Friday, December 9, 2022
HomeIndiaCBI to probe 'smuggling' of sea cucumbers — in first wildlife protection...

CBI to probe ‘smuggling’ of sea cucumbers — in first wildlife protection case in years

CBI registered the case over smuggling of endangered species after a request from the Wildlife Crime Control Bureau.

Text Size:

New Delhi: The Central Bureau of Investigation (CBI) has taken over a probe from Lakshadweep police to investigate a case of alleged smuggling of some endangered species, including 46 live sea cucumbers and 173 taxidermist sea cucumbers, ThePrint has learnt.

The agency registered the case Monday after a request from the additional director of Wildlife Crime Control Bureau, sources in the agency said.

The CBI will be probing a case under the Wild Life (Protection) Act “after many years”, said the sources.

According to the FIR, four persons — Salmanul Faris (22), Irfanuddin (19), Rameesh Khan N.P. (25), Mohammad Ali Kodipalli (44) — were arrested from Suheli Cheriyakara island in Lakshadweep after they were found to be in possession of dead and live sea cucumbers. ThePrint has a copy of the FIR.

“The men were found to be in possession of 99 dead sea cucumbers (white) stuffed with salt after removing the intestine, 74 dead sea cucumbers (black) preserved with salt, 46 big size live sea cucumbers white, which is a grave, cognizable offence under the Wild Life Protection Act. They were to trade the species, which again is a crime,” said a CBI officer, who didn’t wish to be named.

Possession of sea cucumber is an offence, said the officer.

“The sea cucumber in marine environments has the same status of tiger, lion in land forest as per schedule 1 of the Wild Life Protection Act. Killing of 173 sea cucumbers is equal to 173 tigers or lions,” he said.

“Since all these species are flagship species, the ecological damage to the environment due to killing of the 173 sea cucumbers cannot be ascertained in near future. The CBI has now taken over the case and will be probing it,” he added.

The CBI will now work on unearthing the larger conspiracy and the smuggling racket, said the officer. “We will probe several aspects in the case including where these men were to sell the sea cucumbers, their demand in the international market, the entire nexus of buyers and sellers.”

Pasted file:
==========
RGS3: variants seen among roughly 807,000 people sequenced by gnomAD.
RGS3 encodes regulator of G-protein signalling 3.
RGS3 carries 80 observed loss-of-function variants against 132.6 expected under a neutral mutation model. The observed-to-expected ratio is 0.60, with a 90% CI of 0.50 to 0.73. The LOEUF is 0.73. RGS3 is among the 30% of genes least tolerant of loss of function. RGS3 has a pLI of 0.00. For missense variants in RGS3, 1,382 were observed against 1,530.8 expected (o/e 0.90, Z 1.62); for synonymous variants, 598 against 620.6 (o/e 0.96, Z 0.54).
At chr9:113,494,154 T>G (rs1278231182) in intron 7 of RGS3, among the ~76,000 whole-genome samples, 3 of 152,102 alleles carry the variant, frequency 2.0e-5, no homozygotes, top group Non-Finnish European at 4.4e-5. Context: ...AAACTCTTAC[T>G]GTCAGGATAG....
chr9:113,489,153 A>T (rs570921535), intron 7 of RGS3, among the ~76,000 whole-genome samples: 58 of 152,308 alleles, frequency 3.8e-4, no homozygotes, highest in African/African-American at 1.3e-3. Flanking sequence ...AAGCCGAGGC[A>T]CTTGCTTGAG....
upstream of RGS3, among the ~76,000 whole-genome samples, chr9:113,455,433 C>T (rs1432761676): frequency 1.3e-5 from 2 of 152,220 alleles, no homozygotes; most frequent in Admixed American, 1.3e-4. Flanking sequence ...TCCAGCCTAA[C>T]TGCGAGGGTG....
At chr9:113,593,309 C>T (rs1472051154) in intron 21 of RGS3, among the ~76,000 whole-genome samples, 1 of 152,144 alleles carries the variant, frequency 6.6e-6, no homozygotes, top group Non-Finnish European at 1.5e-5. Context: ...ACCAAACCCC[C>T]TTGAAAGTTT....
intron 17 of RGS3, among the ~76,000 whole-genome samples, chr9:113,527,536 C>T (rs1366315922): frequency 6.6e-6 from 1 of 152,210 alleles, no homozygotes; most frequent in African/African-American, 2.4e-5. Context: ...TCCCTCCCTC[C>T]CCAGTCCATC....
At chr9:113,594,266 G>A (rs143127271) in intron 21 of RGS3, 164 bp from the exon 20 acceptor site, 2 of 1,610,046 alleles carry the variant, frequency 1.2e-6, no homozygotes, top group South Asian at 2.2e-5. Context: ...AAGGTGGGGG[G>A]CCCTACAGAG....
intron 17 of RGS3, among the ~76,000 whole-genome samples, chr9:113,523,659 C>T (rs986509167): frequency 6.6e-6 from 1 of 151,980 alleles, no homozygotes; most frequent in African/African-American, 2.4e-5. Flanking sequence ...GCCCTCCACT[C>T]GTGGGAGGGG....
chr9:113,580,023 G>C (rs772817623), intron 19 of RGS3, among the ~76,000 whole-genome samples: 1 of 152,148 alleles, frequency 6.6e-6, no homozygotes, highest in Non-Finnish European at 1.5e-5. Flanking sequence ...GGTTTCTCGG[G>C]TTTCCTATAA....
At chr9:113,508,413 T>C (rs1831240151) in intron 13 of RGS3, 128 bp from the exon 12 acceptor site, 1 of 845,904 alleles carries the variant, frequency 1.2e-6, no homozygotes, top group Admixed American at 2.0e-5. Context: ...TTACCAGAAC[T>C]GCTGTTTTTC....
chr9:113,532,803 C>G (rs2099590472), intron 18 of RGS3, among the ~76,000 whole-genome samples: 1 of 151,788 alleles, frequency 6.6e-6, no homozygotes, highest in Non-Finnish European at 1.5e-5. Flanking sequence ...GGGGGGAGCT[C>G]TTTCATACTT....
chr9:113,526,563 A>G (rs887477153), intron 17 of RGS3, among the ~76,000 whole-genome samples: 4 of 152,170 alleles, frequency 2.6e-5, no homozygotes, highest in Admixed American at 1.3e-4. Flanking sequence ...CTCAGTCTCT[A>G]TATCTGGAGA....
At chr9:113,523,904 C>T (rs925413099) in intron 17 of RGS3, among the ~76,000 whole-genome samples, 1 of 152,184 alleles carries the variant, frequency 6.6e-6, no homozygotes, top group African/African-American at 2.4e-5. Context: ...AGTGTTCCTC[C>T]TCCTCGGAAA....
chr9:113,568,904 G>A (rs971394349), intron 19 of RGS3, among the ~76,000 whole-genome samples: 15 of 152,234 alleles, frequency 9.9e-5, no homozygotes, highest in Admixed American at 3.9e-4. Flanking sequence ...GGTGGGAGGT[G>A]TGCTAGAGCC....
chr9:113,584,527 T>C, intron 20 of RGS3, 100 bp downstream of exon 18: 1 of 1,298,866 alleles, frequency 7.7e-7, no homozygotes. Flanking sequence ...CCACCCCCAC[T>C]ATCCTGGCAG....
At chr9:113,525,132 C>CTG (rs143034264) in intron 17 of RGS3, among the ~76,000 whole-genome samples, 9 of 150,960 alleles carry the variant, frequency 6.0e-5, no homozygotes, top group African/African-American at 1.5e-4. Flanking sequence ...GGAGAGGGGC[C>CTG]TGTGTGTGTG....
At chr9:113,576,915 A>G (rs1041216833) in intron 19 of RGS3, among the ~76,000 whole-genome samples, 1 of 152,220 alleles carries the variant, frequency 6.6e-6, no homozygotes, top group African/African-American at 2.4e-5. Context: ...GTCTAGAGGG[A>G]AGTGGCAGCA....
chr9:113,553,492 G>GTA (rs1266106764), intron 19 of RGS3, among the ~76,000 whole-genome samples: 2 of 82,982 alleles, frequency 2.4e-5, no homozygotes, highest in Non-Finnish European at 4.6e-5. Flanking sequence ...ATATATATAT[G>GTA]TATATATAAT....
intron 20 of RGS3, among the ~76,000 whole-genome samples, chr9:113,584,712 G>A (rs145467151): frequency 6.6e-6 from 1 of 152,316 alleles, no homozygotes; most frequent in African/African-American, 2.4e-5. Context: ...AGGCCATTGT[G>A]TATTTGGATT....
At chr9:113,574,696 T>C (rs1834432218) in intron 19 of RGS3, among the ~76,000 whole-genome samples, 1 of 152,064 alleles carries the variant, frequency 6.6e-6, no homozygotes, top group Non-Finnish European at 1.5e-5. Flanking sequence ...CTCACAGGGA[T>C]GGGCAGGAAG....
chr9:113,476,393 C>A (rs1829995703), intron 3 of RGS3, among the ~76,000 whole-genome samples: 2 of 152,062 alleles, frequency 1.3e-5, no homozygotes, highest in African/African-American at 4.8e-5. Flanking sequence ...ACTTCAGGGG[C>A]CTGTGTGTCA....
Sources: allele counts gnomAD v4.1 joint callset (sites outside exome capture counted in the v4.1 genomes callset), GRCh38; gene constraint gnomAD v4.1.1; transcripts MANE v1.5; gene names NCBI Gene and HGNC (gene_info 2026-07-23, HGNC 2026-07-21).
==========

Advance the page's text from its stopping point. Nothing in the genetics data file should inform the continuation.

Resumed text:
Also read: How CBI convinced UK High Court that Vijay Mallya needs to be extradited to India

Fishing expedition in Suheli island

According to the FIR, the smuggling racket came to fore on 10 January when the Lakshadweep Police received an input late night that a group of men on a “fishing expedition” were actually engaged in illegal collection and trade of sea cucumbers locally called ‘koka’.

After getting the information, a team of local police, officers of the fisheries department, and wildlife department left for Suheli Island in vessels and speed-boats early morning.

“The team reached the island at 12:30 pm and suspiciously found a fishing boat named Khyber 2 in the sea with four persons at western side of the island. The team went near the boat and enquired about their whereabouts, purpose of visit,” the FIR said.

According to the FIR, the men told the police that they were there for fishing which they had collected and were planning to leave.

“When the team inspected the boat, it found 8 bags filled with 98 white dead sea cucumbers stuffed with salt after removing intestines, 74 black dead sea cucumbers artificially preserved with salt. On further search, 46 live sea cucumbers were found in a fish collection tank,” said the FIR.

“The entire boat was seized and the four men were arrested. During enquiry accused were asked about their intention behind the illegal act and it was found that all were aware about consequences of this act,” it added.

“The seized articles were taken to the department of environment and forest and the men were taken into custody.”

Also read: Bail pleas, paperwork, case files — ED and CBI have not been shut down by lockdown


Subscribe to our channels on YouTube & Telegram

Support Our Journalism

India needs fair, non-hyphenated and questioning journalism, packed with on-ground reporting. ThePrint – with exceptional reporters, columnists and editors – is doing just that.

Sustaining this needs support from wonderful readers like you.

Whether you live in India or overseas, you can take a paid subscription by clicking here.

Support Our Journalism

Most Popular